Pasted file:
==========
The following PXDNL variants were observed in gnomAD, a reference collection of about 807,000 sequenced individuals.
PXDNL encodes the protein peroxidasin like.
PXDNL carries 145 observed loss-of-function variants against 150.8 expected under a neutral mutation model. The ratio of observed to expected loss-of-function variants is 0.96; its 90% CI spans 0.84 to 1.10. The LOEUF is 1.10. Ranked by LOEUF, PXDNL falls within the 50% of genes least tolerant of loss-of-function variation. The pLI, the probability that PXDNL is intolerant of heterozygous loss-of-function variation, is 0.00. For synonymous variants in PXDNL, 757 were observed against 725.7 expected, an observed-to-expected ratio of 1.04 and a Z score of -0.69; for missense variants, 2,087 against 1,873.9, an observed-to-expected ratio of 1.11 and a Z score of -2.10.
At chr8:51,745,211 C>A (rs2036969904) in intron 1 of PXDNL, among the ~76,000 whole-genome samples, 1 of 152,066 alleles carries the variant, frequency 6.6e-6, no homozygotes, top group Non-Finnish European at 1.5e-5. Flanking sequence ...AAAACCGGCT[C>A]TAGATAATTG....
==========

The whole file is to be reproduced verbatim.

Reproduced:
The following PXDNL variants were observed in gnomAD, a reference collection of about 807,000 sequenced individuals.
PXDNL encodes the protein peroxidasin like.
PXDNL carries 145 observed loss-of-function variants against 150.8 expected under a neutral mutation model. The ratio of observed to expected loss-of-function variants is 0.96; its 90% CI spans 0.84 to 1.10. The LOEUF is 1.10. Ranked by LOEUF, PXDNL falls within the 50% of genes least tolerant of loss-of-function variation. The pLI, the probability that PXDNL is intolerant of heterozygous loss-of-function variation, is 0.00. For synonymous variants in PXDNL, 757 were observed against 725.7 expected, an observed-to-expected ratio of 1.04 and a Z score of -0.69; for missense variants, 2,087 against 1,873.9, an observed-to-expected ratio of 1.11 and a Z score of -2.10.
At chr8:51,745,211 C>A (rs2036969904) in intron 1 of PXDNL, among the ~76,000 whole-genome samples, 1 of 152,066 alleles carries the variant, frequency 6.6e-6, no homozygotes, top group Non-Finnish European at 1.5e-5. Flanking sequence ...AAAACCGGCT[C>A]TAGATAATTG....